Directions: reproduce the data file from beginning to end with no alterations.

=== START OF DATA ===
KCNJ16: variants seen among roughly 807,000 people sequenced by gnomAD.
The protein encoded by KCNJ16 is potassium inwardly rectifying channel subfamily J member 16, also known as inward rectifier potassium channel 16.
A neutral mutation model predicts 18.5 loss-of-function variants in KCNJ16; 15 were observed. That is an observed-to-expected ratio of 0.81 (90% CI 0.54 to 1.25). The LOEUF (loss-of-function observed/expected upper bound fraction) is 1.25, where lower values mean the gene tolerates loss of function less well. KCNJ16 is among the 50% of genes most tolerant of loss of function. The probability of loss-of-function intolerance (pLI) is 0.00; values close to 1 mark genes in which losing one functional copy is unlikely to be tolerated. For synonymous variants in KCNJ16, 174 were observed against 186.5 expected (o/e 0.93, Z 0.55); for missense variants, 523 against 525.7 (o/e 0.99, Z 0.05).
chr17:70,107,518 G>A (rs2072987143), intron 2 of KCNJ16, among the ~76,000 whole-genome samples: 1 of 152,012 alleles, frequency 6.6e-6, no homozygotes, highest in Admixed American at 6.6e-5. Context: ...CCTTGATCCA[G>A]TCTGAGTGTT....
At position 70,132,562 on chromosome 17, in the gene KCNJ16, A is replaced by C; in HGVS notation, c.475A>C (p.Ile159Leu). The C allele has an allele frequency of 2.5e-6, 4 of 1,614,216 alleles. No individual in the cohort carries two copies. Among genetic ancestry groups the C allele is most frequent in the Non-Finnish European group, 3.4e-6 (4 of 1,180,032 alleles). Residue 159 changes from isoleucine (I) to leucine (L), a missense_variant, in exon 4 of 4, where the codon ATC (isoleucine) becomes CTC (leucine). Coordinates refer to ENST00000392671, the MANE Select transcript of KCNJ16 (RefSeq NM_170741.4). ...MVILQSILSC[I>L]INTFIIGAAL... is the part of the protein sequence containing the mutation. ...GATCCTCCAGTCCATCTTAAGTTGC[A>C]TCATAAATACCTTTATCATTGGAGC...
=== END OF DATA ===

KCNJ16: variants seen among roughly 807,000 people sequenced by gnomAD.
The protein encoded by KCNJ16 is potassium inwardly rectifying channel subfamily J member 16, also known as inward rectifier potassium channel 16.
A neutral mutation model predicts 18.5 loss-of-function variants in KCNJ16; 15 were observed. That is an observed-to-expected ratio of 0.81 (90% CI 0.54 to 1.25). The LOEUF (loss-of-function observed/expected upper bound fraction) is 1.25, where lower values mean the gene tolerates loss of function less well. KCNJ16 is among the 50% of genes most tolerant of loss of function. The probability of loss-of-function intolerance (pLI) is 0.00; values close to 1 mark genes in which losing one functional copy is unlikely to be tolerated. For synonymous variants in KCNJ16, 174 were observed against 186.5 expected (o/e 0.93, Z 0.55); for missense variants, 523 against 525.7 (o/e 0.99, Z 0.05).
chr17:70,107,518 G>A (rs2072987143), intron 2 of KCNJ16, among the ~76,000 whole-genome samples: 1 of 152,012 alleles, frequency 6.6e-6, no homozygotes, highest in Admixed American at 6.6e-5. Context: ...CCTTGATCCA[G>A]TCTGAGTGTT....
At position 70,132,562 on chromosome 17, in the gene KCNJ16, A is replaced by C; in HGVS notation, c.475A>C (p.Ile159Leu). The C allele has an allele frequency of 2.5e-6, 4 of 1,614,216 alleles. No individual in the cohort carries two copies. Among genetic ancestry groups the C allele is most frequent in the Non-Finnish European group, 3.4e-6 (4 of 1,180,032 alleles). Residue 159 changes from isoleucine (I) to leucine (L), a missense_variant, in exon 4 of 4, where the codon ATC (isoleucine) becomes CTC (leucine). Coordinates refer to ENST00000392671, the MANE Select transcript of KCNJ16 (RefSeq NM_170741.4). ...MVILQSILSC[I>L]INTFIIGAAL... is the part of the protein sequence containing the mutation. ...GATCCTCCAGTCCATCTTAAGTTGC[A>C]TCATAAATACCTTTATCATTGGAGC...